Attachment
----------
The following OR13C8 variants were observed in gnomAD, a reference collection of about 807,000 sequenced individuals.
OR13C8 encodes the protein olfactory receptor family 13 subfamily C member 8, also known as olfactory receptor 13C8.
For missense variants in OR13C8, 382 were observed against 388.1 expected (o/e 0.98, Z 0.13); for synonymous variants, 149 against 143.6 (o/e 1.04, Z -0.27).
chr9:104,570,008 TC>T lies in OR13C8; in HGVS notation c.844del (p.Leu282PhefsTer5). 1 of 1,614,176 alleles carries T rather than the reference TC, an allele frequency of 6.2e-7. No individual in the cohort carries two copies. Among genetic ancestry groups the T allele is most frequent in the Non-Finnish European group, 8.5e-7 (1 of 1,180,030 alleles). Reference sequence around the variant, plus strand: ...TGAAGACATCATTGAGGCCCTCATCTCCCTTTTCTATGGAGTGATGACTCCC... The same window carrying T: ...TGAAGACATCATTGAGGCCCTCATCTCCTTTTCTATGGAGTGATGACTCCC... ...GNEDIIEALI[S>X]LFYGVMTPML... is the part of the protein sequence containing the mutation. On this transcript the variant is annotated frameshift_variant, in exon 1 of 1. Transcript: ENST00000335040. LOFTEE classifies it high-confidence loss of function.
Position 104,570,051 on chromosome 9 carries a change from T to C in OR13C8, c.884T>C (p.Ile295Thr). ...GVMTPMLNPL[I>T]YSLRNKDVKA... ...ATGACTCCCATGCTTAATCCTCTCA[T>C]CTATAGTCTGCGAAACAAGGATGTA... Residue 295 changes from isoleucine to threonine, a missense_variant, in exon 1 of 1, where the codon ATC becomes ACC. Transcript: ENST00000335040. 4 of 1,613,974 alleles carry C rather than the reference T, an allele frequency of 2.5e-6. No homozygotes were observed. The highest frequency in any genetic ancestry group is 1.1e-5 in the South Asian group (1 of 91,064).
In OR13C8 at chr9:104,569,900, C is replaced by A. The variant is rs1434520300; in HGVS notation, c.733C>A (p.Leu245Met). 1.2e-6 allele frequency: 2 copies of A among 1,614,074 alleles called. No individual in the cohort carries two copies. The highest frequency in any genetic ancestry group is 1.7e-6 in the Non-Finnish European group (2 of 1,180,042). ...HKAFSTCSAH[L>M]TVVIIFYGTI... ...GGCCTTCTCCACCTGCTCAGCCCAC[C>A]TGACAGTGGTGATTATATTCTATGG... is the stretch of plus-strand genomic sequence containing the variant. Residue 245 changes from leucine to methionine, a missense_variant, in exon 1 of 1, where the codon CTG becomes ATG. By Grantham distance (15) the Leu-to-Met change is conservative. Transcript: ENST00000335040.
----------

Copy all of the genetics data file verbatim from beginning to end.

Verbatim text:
The following OR13C8 variants were observed in gnomAD, a reference collection of about 807,000 sequenced individuals.
OR13C8 encodes the protein olfactory receptor family 13 subfamily C member 8, also known as olfactory receptor 13C8.
For missense variants in OR13C8, 382 were observed against 388.1 expected (o/e 0.98, Z 0.13); for synonymous variants, 149 against 143.6 (o/e 1.04, Z -0.27).
chr9:104,570,008 TC>T lies in OR13C8; in HGVS notation c.844del (p.Leu282PhefsTer5). 1 of 1,614,176 alleles carries T rather than the reference TC, an allele frequency of 6.2e-7. No individual in the cohort carries two copies. Among genetic ancestry groups the T allele is most frequent in the Non-Finnish European group, 8.5e-7 (1 of 1,180,030 alleles). Reference sequence around the variant, plus strand: ...TGAAGACATCATTGAGGCCCTCATCTCCCTTTTCTATGGAGTGATGACTCCC... The same window carrying T: ...TGAAGACATCATTGAGGCCCTCATCTCCTTTTCTATGGAGTGATGACTCCC... ...GNEDIIEALI[S>X]LFYGVMTPML... is the part of the protein sequence containing the mutation. On this transcript the variant is annotated frameshift_variant, in exon 1 of 1. Transcript: ENST00000335040. LOFTEE classifies it high-confidence loss of function.
Position 104,570,051 on chromosome 9 carries a change from T to C in OR13C8, c.884T>C (p.Ile295Thr). ...GVMTPMLNPL[I>T]YSLRNKDVKA... ...ATGACTCCCATGCTTAATCCTCTCA[T>C]CTATAGTCTGCGAAACAAGGATGTA... Residue 295 changes from isoleucine to threonine, a missense_variant, in exon 1 of 1, where the codon ATC becomes ACC. Transcript: ENST00000335040. 4 of 1,613,974 alleles carry C rather than the reference T, an allele frequency of 2.5e-6. No homozygotes were observed. The highest frequency in any genetic ancestry group is 1.1e-5 in the South Asian group (1 of 91,064).
In OR13C8 at chr9:104,569,900, C is replaced by A. The variant is rs1434520300; in HGVS notation, c.733C>A (p.Leu245Met). 1.2e-6 allele frequency: 2 copies of A among 1,614,074 alleles called. No individual in the cohort carries two copies. The highest frequency in any genetic ancestry group is 1.7e-6 in the Non-Finnish European group (2 of 1,180,042). ...HKAFSTCSAH[L>M]TVVIIFYGTI... ...GGCCTTCTCCACCTGCTCAGCCCAC[C>A]TGACAGTGGTGATTATATTCTATGG... is the stretch of plus-strand genomic sequence containing the variant. Residue 245 changes from leucine to methionine, a missense_variant, in exon 1 of 1, where the codon CTG becomes ATG. By Grantham distance (15) the Leu-to-Met change is conservative. Transcript: ENST00000335040.